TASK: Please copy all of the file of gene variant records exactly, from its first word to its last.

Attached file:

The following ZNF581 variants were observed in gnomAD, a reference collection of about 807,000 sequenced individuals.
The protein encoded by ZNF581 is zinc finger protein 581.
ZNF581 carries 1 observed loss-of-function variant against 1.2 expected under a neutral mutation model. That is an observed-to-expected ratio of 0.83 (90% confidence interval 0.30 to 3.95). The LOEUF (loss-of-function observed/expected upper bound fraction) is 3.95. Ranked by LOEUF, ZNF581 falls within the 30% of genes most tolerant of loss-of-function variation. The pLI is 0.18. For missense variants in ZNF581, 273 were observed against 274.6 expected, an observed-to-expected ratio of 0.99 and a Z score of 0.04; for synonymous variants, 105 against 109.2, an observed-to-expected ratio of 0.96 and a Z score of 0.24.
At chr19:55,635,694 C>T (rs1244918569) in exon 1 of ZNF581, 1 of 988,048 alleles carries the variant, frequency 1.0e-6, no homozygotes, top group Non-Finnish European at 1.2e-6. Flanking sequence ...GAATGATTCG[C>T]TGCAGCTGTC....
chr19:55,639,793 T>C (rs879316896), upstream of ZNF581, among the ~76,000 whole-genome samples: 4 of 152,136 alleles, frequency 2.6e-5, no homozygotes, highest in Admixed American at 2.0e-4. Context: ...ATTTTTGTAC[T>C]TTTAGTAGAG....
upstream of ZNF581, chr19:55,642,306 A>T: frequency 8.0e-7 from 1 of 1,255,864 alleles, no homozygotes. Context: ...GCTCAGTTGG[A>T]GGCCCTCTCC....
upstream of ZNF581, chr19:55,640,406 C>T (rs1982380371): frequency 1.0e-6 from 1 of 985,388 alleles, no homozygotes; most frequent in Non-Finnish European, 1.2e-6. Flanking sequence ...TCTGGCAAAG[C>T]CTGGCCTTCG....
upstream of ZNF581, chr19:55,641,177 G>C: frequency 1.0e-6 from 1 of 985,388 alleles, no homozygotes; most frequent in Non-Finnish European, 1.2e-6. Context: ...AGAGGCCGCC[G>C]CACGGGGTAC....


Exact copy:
The following ZNF581 variants were observed in gnomAD, a reference collection of about 807,000 sequenced individuals.
The protein encoded by ZNF581 is zinc finger protein 581.
ZNF581 carries 1 observed loss-of-function variant against 1.2 expected under a neutral mutation model. That is an observed-to-expected ratio of 0.83 (90% confidence interval 0.30 to 3.95). The LOEUF (loss-of-function observed/expected upper bound fraction) is 3.95. Ranked by LOEUF, ZNF581 falls within the 30% of genes most tolerant of loss-of-function variation. The pLI is 0.18. For missense variants in ZNF581, 273 were observed against 274.6 expected, an observed-to-expected ratio of 0.99 and a Z score of 0.04; for synonymous variants, 105 against 109.2, an observed-to-expected ratio of 0.96 and a Z score of 0.24.
At chr19:55,635,694 C>T (rs1244918569) in exon 1 of ZNF581, 1 of 988,048 alleles carries the variant, frequency 1.0e-6, no homozygotes, top group Non-Finnish European at 1.2e-6. Flanking sequence ...GAATGATTCG[C>T]TGCAGCTGTC....
chr19:55,639,793 T>C (rs879316896), upstream of ZNF581, among the ~76,000 whole-genome samples: 4 of 152,136 alleles, frequency 2.6e-5, no homozygotes, highest in Admixed American at 2.0e-4. Context: ...ATTTTTGTAC[T>C]TTTAGTAGAG....
upstream of ZNF581, chr19:55,642,306 A>T: frequency 8.0e-7 from 1 of 1,255,864 alleles, no homozygotes. Context: ...GCTCAGTTGG[A>T]GGCCCTCTCC....
upstream of ZNF581, chr19:55,640,406 C>T (rs1982380371): frequency 1.0e-6 from 1 of 985,388 alleles, no homozygotes; most frequent in Non-Finnish European, 1.2e-6. Flanking sequence ...TCTGGCAAAG[C>T]CTGGCCTTCG....
upstream of ZNF581, chr19:55,641,177 G>C: frequency 1.0e-6 from 1 of 985,388 alleles, no homozygotes; most frequent in Non-Finnish European, 1.2e-6. Context: ...AGAGGCCGCC[G>C]CACGGGGTAC....